As we all try to understand our rapidly evolving education environment during the COVID-19 crisis and the uncertainty that surrounds it, the Data Quality Campaign is working to elevate what’s happening – whether it’s concrete examples of what’s working in states and districts, ideas and proposals from the field, or things our organization and others are exploring. To accomplish this, we’re bringing you our thoughts on the most salient conversations happening in the last week on navigating education during the pandemic and future recovery efforts.
We’re writing this column together to combine our perspectives: Jenn brings years of experience in the classroom and in education leadership at the district and federal levels, while Paige’s expertise comes from more than a decade working on state and federal education data policy and issues. Check back weekly for our roundup of noteworthy thinking on education data and policy.
Keeping track of COVID-19 cases. In our last installment of this blog series, we discussed the need for transparency in reporting COVID-19 cases that appear in schools. As more students return to class across the country, we’re seeing greater calls for this kind of transparency in reporting. In Missouri, the state’s teachers union released a document detailing known school closures and exposures. As a result, they called on the Missouri Department of Elementary and Secondary Education and Missouri’s Governor, Mike Parson, to require school districts to report COVID-19 incidents and create a public registry of school-related COVID-19 exposures. South Carolina’s Department of Health and Environmental Control has a new dashboard where the department clearly shares data on reported COVID-19 cases in schools. The dashboard, which is updated twice weekly, includes cumulative and rolling 30-day case counts of confirmed cases among students, teachers and faculty members. Indiana is getting ready to launch a similar resource. Leaders and families cannot make decisions about how to keep students and faculty safe without data. And a lack of data transparency in this instance quite literally jeopardizes the health and safety of communities, and can result in a lack of trust between communities and leaders. State and district leaders should look to places like South Carolina that are taking steps to share this information publicly and follow their lead.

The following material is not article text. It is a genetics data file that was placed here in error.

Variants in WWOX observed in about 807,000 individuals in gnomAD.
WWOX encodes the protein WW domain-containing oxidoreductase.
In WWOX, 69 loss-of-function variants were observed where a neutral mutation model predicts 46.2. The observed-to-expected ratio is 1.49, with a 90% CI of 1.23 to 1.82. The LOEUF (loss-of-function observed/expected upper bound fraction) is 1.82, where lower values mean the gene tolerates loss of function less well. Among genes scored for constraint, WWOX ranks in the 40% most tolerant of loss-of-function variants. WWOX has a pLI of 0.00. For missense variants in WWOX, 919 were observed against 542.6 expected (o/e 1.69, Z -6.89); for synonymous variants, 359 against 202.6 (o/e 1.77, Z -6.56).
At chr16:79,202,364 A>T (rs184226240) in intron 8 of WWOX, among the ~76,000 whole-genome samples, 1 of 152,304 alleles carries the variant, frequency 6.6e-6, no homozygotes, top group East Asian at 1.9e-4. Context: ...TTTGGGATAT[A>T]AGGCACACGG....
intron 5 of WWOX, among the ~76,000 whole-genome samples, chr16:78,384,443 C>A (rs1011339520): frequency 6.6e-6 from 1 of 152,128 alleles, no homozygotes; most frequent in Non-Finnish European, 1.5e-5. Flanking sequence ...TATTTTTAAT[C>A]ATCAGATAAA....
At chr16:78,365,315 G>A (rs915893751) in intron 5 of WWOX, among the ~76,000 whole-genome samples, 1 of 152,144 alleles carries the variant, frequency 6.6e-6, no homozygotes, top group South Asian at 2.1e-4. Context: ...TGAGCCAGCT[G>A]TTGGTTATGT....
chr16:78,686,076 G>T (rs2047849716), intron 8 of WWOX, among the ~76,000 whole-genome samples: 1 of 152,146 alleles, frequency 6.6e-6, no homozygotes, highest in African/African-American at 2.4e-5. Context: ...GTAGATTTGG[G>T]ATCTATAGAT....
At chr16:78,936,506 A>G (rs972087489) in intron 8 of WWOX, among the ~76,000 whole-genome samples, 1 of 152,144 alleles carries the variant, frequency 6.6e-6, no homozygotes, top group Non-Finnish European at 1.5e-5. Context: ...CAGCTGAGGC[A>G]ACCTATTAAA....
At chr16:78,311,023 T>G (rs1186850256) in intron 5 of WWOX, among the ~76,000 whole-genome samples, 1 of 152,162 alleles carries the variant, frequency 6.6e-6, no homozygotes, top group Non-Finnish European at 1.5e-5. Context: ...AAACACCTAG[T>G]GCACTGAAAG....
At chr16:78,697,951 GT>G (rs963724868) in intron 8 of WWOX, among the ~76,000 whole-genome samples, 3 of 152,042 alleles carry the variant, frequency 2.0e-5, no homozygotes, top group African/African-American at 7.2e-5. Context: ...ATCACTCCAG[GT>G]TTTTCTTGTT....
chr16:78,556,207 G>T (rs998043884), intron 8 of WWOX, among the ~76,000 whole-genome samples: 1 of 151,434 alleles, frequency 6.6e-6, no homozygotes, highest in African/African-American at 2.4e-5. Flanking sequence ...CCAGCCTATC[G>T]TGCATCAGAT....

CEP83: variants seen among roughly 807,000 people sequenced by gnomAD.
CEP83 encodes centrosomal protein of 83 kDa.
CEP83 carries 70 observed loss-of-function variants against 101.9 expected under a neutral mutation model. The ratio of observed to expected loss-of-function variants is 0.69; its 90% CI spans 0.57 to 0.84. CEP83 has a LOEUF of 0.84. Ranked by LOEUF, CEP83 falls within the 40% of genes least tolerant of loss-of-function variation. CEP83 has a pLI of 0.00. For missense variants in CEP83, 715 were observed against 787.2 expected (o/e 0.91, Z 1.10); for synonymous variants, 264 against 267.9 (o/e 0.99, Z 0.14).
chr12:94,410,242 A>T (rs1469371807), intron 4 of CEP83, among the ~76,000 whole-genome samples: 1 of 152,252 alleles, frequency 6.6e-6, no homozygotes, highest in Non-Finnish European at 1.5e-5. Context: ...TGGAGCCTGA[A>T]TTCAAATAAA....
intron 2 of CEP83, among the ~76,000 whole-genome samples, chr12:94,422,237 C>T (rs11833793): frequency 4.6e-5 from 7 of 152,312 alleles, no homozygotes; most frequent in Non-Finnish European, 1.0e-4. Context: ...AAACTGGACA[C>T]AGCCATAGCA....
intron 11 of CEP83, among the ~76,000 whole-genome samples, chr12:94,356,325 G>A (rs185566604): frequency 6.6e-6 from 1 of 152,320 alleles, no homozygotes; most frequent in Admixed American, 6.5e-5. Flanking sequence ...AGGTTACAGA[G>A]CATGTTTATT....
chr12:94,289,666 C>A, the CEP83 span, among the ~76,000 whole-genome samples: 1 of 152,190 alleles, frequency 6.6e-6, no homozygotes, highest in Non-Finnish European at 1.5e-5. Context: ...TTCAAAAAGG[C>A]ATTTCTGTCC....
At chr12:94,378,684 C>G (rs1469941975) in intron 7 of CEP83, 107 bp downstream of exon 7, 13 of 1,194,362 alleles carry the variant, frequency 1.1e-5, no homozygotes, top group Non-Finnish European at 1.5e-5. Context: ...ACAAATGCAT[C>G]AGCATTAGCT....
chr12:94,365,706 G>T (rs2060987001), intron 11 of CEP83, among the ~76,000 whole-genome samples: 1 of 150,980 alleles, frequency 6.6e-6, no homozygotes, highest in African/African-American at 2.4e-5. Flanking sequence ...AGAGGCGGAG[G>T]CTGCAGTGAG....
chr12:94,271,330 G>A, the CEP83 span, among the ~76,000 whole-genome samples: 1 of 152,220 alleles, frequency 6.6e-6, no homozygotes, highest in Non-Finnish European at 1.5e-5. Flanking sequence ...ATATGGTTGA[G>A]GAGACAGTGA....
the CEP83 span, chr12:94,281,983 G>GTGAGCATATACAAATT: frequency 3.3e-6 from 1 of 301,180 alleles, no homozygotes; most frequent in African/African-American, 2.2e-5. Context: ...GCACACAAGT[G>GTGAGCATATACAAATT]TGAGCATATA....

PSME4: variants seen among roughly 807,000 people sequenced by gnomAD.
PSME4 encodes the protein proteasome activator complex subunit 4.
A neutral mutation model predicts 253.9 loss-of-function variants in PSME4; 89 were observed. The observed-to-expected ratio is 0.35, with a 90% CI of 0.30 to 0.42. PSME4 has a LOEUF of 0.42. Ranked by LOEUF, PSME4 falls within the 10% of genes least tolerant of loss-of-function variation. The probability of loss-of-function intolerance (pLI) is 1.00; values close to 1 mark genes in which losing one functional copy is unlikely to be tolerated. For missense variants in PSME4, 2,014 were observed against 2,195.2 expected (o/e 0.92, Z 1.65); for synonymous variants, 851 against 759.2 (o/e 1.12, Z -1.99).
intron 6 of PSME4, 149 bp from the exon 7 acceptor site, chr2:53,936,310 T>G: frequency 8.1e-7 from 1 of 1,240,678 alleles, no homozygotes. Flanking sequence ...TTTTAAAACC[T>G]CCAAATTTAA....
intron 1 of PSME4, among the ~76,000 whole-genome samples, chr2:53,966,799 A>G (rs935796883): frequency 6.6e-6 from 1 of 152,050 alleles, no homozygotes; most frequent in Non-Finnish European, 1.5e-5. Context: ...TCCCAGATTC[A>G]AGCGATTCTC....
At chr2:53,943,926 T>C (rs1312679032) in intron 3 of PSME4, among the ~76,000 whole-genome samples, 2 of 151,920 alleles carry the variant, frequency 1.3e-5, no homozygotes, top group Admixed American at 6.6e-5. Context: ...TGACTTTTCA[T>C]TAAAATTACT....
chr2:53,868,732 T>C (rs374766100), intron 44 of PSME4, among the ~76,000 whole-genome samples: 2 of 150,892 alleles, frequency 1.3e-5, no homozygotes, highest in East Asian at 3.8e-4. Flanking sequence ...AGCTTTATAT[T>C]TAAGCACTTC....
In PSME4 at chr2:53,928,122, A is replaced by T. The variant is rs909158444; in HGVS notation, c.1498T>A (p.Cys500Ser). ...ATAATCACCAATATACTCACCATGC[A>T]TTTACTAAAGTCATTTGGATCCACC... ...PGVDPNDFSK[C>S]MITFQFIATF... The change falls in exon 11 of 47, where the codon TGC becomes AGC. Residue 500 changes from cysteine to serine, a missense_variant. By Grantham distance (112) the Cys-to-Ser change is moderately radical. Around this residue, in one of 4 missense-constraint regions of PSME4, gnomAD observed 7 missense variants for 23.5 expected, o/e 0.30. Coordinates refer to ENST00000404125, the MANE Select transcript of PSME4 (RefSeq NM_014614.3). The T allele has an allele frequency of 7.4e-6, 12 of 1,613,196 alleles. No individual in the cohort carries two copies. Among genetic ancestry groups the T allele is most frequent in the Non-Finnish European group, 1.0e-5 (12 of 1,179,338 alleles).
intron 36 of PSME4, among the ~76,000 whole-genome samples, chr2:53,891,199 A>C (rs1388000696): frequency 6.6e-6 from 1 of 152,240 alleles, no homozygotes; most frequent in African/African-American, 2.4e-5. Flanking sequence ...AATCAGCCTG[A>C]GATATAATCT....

Statewide annual assessments and COVID-19. Earlier this month, Secretary DeVos sent a letter to state leaders making it clear that the US Department of Education does not intend to grant waivers to states that wish to opt out of statewide summative assessments for the 2020–2021 school year. We agree that it’s too early to make such an important decision: that’s why we joined 18 organizations in July, recommending that Secretary DeVos refrain from issuing waivers so soon. State leaders need data in order to understand how the pandemic is impacting student academic performance and what supports are needed to ensure success for all students. Statewide summative assessments provide this comparable data, which is critical for informing states’ recovery efforts—a point echoed in the Center for American Progress’s new brief on assessments during the pandemic. During COVID-19, the value of collecting and reporting on a standard measure of student performance is even more important, as leaders seek to understand how they can support all students. Despite this year’s challenges, families and communities still need access to data about how schools are serving all students. Without this data, leaders, educators, and parents are left in the dark about student progress during this uncertain time.